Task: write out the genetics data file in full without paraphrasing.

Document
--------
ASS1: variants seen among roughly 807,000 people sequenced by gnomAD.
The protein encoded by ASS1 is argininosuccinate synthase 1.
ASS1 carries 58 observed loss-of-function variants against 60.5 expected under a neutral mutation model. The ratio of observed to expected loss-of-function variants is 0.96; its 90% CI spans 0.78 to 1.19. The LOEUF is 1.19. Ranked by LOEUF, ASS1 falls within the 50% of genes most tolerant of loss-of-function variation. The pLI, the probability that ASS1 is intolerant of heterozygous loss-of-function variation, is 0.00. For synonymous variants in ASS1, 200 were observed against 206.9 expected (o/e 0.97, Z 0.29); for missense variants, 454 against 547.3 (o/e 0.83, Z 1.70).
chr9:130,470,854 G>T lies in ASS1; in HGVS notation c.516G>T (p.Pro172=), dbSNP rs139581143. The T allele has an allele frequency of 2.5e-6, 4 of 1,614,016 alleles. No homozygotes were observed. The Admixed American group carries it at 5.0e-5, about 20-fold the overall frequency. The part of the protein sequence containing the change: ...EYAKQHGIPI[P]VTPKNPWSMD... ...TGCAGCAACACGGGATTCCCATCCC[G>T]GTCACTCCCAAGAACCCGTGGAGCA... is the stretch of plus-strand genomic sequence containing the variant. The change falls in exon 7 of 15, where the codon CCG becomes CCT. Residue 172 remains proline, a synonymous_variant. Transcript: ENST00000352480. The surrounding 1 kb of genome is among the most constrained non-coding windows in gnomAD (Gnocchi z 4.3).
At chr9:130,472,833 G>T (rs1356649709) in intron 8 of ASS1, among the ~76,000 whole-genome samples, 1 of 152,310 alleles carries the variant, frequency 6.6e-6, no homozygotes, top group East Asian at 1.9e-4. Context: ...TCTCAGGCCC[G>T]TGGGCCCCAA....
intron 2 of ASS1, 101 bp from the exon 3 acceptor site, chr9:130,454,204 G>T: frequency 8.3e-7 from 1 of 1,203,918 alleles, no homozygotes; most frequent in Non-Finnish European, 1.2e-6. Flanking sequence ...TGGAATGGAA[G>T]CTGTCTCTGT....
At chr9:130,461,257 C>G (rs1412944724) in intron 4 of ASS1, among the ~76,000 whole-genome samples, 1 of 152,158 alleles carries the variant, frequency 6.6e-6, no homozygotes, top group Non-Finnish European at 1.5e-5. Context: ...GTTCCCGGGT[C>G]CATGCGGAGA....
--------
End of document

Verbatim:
ASS1: variants seen among roughly 807,000 people sequenced by gnomAD.
The protein encoded by ASS1 is argininosuccinate synthase 1.
ASS1 carries 58 observed loss-of-function variants against 60.5 expected under a neutral mutation model. The ratio of observed to expected loss-of-function variants is 0.96; its 90% CI spans 0.78 to 1.19. The LOEUF is 1.19. Ranked by LOEUF, ASS1 falls within the 50% of genes most tolerant of loss-of-function variation. The pLI, the probability that ASS1 is intolerant of heterozygous loss-of-function variation, is 0.00. For synonymous variants in ASS1, 200 were observed against 206.9 expected (o/e 0.97, Z 0.29); for missense variants, 454 against 547.3 (o/e 0.83, Z 1.70).
chr9:130,470,854 G>T lies in ASS1; in HGVS notation c.516G>T (p.Pro172=), dbSNP rs139581143. The T allele has an allele frequency of 2.5e-6, 4 of 1,614,016 alleles. No homozygotes were observed. The Admixed American group carries it at 5.0e-5, about 20-fold the overall frequency. The part of the protein sequence containing the change: ...EYAKQHGIPI[P]VTPKNPWSMD... ...TGCAGCAACACGGGATTCCCATCCC[G>T]GTCACTCCCAAGAACCCGTGGAGCA... is the stretch of plus-strand genomic sequence containing the variant. The change falls in exon 7 of 15, where the codon CCG becomes CCT. Residue 172 remains proline, a synonymous_variant. Transcript: ENST00000352480. The surrounding 1 kb of genome is among the most constrained non-coding windows in gnomAD (Gnocchi z 4.3).
At chr9:130,472,833 G>T (rs1356649709) in intron 8 of ASS1, among the ~76,000 whole-genome samples, 1 of 152,310 alleles carries the variant, frequency 6.6e-6, no homozygotes, top group East Asian at 1.9e-4. Context: ...TCTCAGGCCC[G>T]TGGGCCCCAA....
intron 2 of ASS1, 101 bp from the exon 3 acceptor site, chr9:130,454,204 G>T: frequency 8.3e-7 from 1 of 1,203,918 alleles, no homozygotes; most frequent in Non-Finnish European, 1.2e-6. Flanking sequence ...TGGAATGGAA[G>T]CTGTCTCTGT....
At chr9:130,461,257 C>G (rs1412944724) in intron 4 of ASS1, among the ~76,000 whole-genome samples, 1 of 152,158 alleles carries the variant, frequency 6.6e-6, no homozygotes, top group Non-Finnish European at 1.5e-5. Context: ...GTTCCCGGGT[C>G]CATGCGGAGA....